The first time you get bursitis, it can be a bit of a shock.
It usually happens like this. All of a sudden you notice your knee is swollen, perhaps alarmingly so. It may also be tender, red and stiff to move. It’s pretty miserable. And quite unpleasant-looking. And now you want to know what’s happening, and why and – most importantly – how to treat it.
What is a bursa?
Unless you experience bursitis, you may not even be aware that you have things called bursas (or bursae, depending on your dictionary). Bursas are thin ‘sacs’ that sit between tissues, bones and joints in your body. You have them in places like your hips, shoulders, elbows, ankles – and of course your knees. Their function is to protect bone and tissues, and reduce friction.
Bursitis is what happens when one of those sacs becomes irritated. In response it fills with fluid, causing the sac to swell and become inflamed. You could describe it as a kind of defence mechanism against trauma, providing extra cushioning to protect the underlying tissue or bone.
What causes bursitis?
By far the most common reason for bursitis is an injury to the area around those sacs, often due to a repetitive movement. So anyone who does a lot of kneeling, particularly on a hard surface – that’s tilers, carpet layers, gardeners – is going to be more vulnerable. Traditionally the condition was, and often still is, known as Housemaid’s Knee or Clergyman’s Knee due to the repetitive kneeling (sanitary or spiritual!) that can provoke it.
Will it go away naturally?
Normally, yes it will. Though in some cases it may take a few weeks. The first thing to do with bursitis is rest. Give your knee a break from whatever it was doing. Avoid other activities that tax the joint, especially repetitive ones, such as squatting. The second line of attack is anti-inflammatory pain relief such as ibuprofen, if you’re able to take it. These two things should help the swelling to ease so that the fluid begins to reduce.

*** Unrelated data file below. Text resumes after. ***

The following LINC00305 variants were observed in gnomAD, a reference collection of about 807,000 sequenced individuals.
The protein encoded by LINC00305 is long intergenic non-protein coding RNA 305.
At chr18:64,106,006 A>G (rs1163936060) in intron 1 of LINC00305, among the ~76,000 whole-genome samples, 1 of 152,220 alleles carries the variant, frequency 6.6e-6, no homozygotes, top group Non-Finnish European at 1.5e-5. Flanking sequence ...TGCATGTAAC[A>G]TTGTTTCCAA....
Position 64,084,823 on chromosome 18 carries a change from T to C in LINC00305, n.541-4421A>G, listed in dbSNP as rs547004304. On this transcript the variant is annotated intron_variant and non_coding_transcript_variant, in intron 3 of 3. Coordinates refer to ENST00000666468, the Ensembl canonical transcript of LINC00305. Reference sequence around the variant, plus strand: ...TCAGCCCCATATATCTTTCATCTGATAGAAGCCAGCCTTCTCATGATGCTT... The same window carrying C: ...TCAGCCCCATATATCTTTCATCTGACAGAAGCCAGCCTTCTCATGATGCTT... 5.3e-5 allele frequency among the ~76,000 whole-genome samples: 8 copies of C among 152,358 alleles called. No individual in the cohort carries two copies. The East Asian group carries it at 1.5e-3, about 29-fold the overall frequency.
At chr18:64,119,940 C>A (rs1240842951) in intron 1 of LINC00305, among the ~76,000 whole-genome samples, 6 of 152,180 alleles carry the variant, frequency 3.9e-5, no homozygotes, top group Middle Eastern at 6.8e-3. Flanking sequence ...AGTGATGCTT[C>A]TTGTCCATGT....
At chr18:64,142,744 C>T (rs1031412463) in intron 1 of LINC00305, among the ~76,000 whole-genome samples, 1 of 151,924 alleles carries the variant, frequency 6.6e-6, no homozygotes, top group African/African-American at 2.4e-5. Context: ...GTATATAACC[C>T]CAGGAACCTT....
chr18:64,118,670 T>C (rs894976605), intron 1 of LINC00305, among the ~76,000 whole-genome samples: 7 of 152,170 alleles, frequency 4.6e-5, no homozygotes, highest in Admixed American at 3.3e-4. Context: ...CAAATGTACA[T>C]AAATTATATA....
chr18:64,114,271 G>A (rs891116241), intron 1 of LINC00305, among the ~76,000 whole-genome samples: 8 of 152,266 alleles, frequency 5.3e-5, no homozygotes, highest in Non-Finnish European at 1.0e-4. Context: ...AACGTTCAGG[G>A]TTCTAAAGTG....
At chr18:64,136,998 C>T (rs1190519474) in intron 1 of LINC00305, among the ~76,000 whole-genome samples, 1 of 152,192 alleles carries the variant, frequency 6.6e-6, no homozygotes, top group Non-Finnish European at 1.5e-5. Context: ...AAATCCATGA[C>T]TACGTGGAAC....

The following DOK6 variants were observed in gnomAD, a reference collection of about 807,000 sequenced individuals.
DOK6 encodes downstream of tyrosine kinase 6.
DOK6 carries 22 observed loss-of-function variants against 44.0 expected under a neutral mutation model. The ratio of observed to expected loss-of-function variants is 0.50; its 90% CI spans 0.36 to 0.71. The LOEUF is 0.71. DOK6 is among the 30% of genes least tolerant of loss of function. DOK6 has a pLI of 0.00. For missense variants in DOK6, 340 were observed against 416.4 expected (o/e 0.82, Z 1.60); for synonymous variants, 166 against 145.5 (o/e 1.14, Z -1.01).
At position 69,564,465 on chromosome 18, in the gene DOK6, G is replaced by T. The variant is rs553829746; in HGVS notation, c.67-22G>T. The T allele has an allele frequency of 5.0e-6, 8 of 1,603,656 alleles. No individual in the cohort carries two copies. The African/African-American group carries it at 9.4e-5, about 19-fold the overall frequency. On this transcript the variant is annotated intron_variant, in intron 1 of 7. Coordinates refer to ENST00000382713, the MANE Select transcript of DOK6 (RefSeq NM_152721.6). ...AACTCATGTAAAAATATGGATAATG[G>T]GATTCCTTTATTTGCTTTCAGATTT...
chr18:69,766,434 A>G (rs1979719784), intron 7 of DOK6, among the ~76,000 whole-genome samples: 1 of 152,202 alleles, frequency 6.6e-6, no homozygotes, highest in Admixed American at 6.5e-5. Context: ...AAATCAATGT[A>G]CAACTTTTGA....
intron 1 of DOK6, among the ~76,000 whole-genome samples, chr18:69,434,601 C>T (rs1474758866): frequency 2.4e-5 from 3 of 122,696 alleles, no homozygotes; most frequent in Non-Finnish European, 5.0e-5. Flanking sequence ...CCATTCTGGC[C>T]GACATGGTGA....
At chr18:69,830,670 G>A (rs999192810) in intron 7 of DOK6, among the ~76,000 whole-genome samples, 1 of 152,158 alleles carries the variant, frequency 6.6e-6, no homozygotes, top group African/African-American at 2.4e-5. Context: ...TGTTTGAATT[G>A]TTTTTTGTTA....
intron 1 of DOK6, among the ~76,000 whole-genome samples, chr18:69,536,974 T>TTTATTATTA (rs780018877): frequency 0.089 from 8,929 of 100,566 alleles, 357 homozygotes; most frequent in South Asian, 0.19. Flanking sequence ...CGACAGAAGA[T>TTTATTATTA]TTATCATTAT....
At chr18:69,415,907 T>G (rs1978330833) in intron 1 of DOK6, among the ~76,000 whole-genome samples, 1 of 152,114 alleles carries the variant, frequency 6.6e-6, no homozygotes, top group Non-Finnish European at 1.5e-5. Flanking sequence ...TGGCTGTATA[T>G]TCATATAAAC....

What if it still doesn’t go away?
Firstly, make sure you protect yourself before resuming any kneeling activities. Use kneepads or a gardener’s kneeling mat to reduce the risks of another flare up. But if your bursitis persists, there are other things we can do to help. Steroid injections are sometimes used – though not routinely, since they can have a weakening effect on the tissues. Another option for a serious case of prepatellar bursitis (at the front of the kneecap) might be a bursectomy, where parts of the tissue are carefully removed during keyhole surgery. Mr Bailey wrote a short paper on this some years ago, which you can read if you have a particular interest in the detail here.
Could it be anything else?
Possibly. The main thing to be wary of is infection. Sometimes bacteria get into the bursa or the knee generally and cause problems, or indeed a case of bursitis. Here the thing to watch out for is a higher degree of pain and hot, red skin (the heat is your body attempting to fight off the infection). There may also be systemic features, such as shivers, shakes and a temperature. If you get these symptoms, see a doctor as soon as possible. If they do diagnose an infection, it’s likely that you’ll be prescribed antibiotics to treat it. Other possible causes of a swollen knee are gout, osteoarthritis, or an inflammatory condition like rheumatoid arthritis – these are things we can eliminate quickly if you come in for treatment with us.
Are you getting persistent swelling in your knee? If so, it would be a good idea to have it properly investigated. You can do that here in the clinic by booking an appointment with us. We’ll make sure you’re seen, examined and treated as soon as possible.